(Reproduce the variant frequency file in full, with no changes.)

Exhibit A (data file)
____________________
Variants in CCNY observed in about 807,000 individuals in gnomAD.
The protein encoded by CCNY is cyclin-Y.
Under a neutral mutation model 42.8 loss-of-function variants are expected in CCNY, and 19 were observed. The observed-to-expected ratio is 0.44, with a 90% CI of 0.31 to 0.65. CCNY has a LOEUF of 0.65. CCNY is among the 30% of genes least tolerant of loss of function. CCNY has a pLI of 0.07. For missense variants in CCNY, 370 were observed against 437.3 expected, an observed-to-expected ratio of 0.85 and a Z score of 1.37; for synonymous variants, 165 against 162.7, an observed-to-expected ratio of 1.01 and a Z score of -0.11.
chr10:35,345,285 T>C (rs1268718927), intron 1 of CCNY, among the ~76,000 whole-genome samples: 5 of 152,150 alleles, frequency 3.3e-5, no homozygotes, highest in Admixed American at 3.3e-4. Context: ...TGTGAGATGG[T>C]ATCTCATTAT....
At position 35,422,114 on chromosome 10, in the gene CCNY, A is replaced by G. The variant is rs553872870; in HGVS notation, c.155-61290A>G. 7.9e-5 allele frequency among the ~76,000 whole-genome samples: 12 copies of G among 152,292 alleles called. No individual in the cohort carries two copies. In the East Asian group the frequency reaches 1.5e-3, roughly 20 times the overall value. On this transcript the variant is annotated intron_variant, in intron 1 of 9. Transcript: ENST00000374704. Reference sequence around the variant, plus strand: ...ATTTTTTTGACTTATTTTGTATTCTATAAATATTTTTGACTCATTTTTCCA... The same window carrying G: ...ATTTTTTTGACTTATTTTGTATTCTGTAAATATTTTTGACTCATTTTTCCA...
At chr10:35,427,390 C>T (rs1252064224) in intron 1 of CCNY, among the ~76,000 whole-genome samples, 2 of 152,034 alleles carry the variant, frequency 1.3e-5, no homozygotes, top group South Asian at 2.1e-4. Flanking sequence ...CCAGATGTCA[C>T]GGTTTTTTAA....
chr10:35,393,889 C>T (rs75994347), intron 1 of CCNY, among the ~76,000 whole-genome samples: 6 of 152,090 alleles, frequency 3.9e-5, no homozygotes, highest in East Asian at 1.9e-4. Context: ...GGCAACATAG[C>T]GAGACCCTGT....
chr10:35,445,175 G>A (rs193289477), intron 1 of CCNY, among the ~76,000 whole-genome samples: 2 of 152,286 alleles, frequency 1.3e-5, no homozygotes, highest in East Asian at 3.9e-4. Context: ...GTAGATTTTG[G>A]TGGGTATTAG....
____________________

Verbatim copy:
Variants in CCNY observed in about 807,000 individuals in gnomAD.
The protein encoded by CCNY is cyclin-Y.
Under a neutral mutation model 42.8 loss-of-function variants are expected in CCNY, and 19 were observed. The observed-to-expected ratio is 0.44, with a 90% CI of 0.31 to 0.65. CCNY has a LOEUF of 0.65. CCNY is among the 30% of genes least tolerant of loss of function. CCNY has a pLI of 0.07. For missense variants in CCNY, 370 were observed against 437.3 expected, an observed-to-expected ratio of 0.85 and a Z score of 1.37; for synonymous variants, 165 against 162.7, an observed-to-expected ratio of 1.01 and a Z score of -0.11.
chr10:35,345,285 T>C (rs1268718927), intron 1 of CCNY, among the ~76,000 whole-genome samples: 5 of 152,150 alleles, frequency 3.3e-5, no homozygotes, highest in Admixed American at 3.3e-4. Context: ...TGTGAGATGG[T>C]ATCTCATTAT....
At position 35,422,114 on chromosome 10, in the gene CCNY, A is replaced by G. The variant is rs553872870; in HGVS notation, c.155-61290A>G. 7.9e-5 allele frequency among the ~76,000 whole-genome samples: 12 copies of G among 152,292 alleles called. No individual in the cohort carries two copies. In the East Asian group the frequency reaches 1.5e-3, roughly 20 times the overall value. On this transcript the variant is annotated intron_variant, in intron 1 of 9. Transcript: ENST00000374704. Reference sequence around the variant, plus strand: ...ATTTTTTTGACTTATTTTGTATTCTATAAATATTTTTGACTCATTTTTCCA... The same window carrying G: ...ATTTTTTTGACTTATTTTGTATTCTGTAAATATTTTTGACTCATTTTTCCA...
At chr10:35,427,390 C>T (rs1252064224) in intron 1 of CCNY, among the ~76,000 whole-genome samples, 2 of 152,034 alleles carry the variant, frequency 1.3e-5, no homozygotes, top group South Asian at 2.1e-4. Flanking sequence ...CCAGATGTCA[C>T]GGTTTTTTAA....
chr10:35,393,889 C>T (rs75994347), intron 1 of CCNY, among the ~76,000 whole-genome samples: 6 of 152,090 alleles, frequency 3.9e-5, no homozygotes, highest in East Asian at 1.9e-4. Context: ...GGCAACATAG[C>T]GAGACCCTGT....
chr10:35,445,175 G>A (rs193289477), intron 1 of CCNY, among the ~76,000 whole-genome samples: 2 of 152,286 alleles, frequency 1.3e-5, no homozygotes, highest in East Asian at 3.9e-4. Context: ...GTAGATTTTG[G>A]TGGGTATTAG....